The ultimatum has been issued: the E.U. is pressuring Cyprus to end its standoff over a proposed financial-rescue package and agree to new terms very rapidly — or face bankruptcy. Cyprus is scrambling to respond with a revised plan that would shield small depositors, but it still needs to finalize details and then win approval from the E.U.
Two days after the Cyprus parliament overwhelmingly rejected the bailout, which would have taxed the deposits of all bank-account holders, the E.U. hit the island with a one-two punch. The first blow was a brief two-line announcement from the European Central Bank (ECB) that it would stop providing emergency liquidity assistance to Cypriot banks on Monday, March 25, unless the island nation agreed to a bailout deal with the E.U. and the International Monetary Fund before then.
The announcement was a blunt attempt to force Cyprus’ hand, mainly because the tiny nation’s biggest banks have racked up heavy losses from soured loans to Greece and are dependent on liquidity from the ECB. Cutting off that financial lifeline would push them into bankruptcy, perhaps even taking the government with it, because the banks’ assets are estimated by Standard & Poor’s to be five times the size of Cyprus’ economy. “Neither the bank shareholders nor Cyprus’ government appear able on their own to meet the banks’ pressing capital needs,” S&P said in a statement announcing it was lowering the island’s long-term credit rating to CCC from CCC+, judging the financial outlook to be “negative.”
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The second blow was a conference call by the so-called Eurogroup, comprised of finance officials from the 17 nations that have the euro as their currency. A statement after the call made it clear that the E.U. would not back down on its key condition for a $13 billion rescue, namely that Cyprus itself put up $7.5 billion. The Eurogroup called on the Cyprus government to put forward a new proposal “as rapidly as possible.” However, the statement made clear that the E.U. no longer was insisting on all bank-account holders being taxed. The group “reaffirms the importance of fully guaranteeing deposits below 100,000 euros in the E.U.,” the statement said. The original bailout proposal agreed upon with the Cyprus government last weekend called for bank deposits of less than that amount, the equivalent of $130,000, to be taxed at a 6.75% rate, while deposits higher than that threshold would be taxed at a 9.9% rate.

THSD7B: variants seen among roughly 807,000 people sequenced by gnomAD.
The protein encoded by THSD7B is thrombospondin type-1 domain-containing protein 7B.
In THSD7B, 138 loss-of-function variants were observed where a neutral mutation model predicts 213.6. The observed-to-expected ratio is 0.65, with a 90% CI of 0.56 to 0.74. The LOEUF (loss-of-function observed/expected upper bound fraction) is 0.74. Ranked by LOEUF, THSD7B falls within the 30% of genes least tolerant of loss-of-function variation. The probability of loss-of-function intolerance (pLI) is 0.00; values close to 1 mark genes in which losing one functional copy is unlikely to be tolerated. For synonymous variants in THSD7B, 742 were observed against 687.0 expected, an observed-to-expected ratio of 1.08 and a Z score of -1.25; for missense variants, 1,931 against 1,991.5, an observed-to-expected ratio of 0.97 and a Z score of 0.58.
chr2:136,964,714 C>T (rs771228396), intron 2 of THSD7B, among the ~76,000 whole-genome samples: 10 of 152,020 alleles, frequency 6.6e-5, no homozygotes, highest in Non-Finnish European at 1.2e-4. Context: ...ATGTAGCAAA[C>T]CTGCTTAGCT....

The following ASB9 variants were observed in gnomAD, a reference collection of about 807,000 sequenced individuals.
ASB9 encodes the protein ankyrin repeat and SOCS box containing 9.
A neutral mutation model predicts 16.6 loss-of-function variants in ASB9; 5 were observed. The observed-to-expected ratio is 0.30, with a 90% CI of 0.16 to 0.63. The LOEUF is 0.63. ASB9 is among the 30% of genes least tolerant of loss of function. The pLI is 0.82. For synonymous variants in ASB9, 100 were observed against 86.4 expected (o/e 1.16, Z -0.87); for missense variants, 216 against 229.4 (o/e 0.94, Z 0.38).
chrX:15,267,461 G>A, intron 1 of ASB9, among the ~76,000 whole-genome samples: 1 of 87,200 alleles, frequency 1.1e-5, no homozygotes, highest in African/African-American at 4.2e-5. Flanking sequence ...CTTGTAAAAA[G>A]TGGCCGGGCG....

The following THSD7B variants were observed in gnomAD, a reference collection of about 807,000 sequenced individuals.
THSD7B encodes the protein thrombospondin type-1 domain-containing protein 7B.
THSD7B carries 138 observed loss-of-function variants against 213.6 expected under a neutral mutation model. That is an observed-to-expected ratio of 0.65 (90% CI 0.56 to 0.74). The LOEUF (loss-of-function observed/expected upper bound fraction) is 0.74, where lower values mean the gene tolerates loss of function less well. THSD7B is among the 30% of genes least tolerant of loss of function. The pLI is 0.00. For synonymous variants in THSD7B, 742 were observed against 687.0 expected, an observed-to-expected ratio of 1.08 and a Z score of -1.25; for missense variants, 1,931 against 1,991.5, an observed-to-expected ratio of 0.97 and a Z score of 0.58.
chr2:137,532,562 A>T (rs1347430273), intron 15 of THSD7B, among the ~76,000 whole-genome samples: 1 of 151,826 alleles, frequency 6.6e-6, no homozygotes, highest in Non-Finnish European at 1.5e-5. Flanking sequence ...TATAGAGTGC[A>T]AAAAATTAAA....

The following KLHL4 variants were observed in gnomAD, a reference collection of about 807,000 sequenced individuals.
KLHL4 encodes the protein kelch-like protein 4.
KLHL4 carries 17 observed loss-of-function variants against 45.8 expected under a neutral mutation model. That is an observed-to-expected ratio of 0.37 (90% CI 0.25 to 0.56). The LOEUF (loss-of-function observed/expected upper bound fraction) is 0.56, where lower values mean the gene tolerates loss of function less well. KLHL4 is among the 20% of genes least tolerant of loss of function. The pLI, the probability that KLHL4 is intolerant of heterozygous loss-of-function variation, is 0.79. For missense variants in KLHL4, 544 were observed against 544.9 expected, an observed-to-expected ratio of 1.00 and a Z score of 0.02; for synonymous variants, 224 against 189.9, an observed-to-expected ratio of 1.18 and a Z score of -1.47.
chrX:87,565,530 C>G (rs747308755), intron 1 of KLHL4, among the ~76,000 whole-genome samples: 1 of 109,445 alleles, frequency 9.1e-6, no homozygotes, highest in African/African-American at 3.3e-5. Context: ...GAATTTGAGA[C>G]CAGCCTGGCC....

That deal sparked howls of protest in Cyprus and across Europe because it appeared to many to be a case of asset confiscation. Russia’s Prime Minister Dmitri Medvedev went so far as to denounce the move as akin to the behavior of the Bolsheviks in Soviet Russia. In Europe, it also was seen as running counter to the E.U.’s policy goals; one of its priorities this year is to create a pan-European banking union that includes a system of deposit insurance for bank accounts similar to the FDIC program in the U.S.
What’s increasingly clear in the short run, though, is that Cyprus has few choices aside from drawing up a new proposal that is acceptable to both the E.U. and the IMF. A flurry of diplomatic initiatives to entice Russia to come to the rescue failed to produce anything other than Moscow’s harsh words about European behavior. Since the collapse of the Soviet Union, Russia has turned Cyprus into its offshore tax haven of choice, accounting for as much as one-third of the 68 billion euros ($88 billion) deposited in the island’s banks. Russians with big accounts would have been hard hit by the planned onetime levy. Banks have been closed all week to avoid a run and will remain shuttered until at least Tuesday. ATMs have continued to dispense cash, though many banks have capped the amount able to be taken out, leading to extensive lines and frequently empty machines.
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Details of the alternative plan Cyprus is likely to propose to its European partners are yet to be finalized. Parliament was supposed to vote on a package of measures on Thursday evening but postponed the vote until Friday morning. There are three key components, according to E.U. sources and Cyprus media reports: the creation of a special, privately held “national solidarity fund” that would consist of a grab bag of assets, including gold reserves and natural gas revenues, and which would issue bonds. A significant restructuring of the Cyprus banking sector is also planned, with the creation of a “bad bank” that holds the soured loans and the possible merger of banks with “good” assets. Finally, parliament is expected to approve the imposition of stringent capital controls for when the banks reopen next week, to prevent a massive capital flight that could destroy the banking sector.
The plans are being masterminded by President Nicos Anastasiades and the central-bank governor, Panicos Demetriades. One of the main concerns is how to deal with the reportedly weakest bank, Laiki Bank, the second largest lender. Demetriades said the proposed new law to be considered by parliament on Friday would enable Laiki “to continue to provide banking services to its customers when banks reopen Tuesday.” Until an agreement is reached between Cyprus and the E.U., though, Cypriots’ hope — and savings — rests in the hands of a government that’s garnering less and less trust with each passing day.
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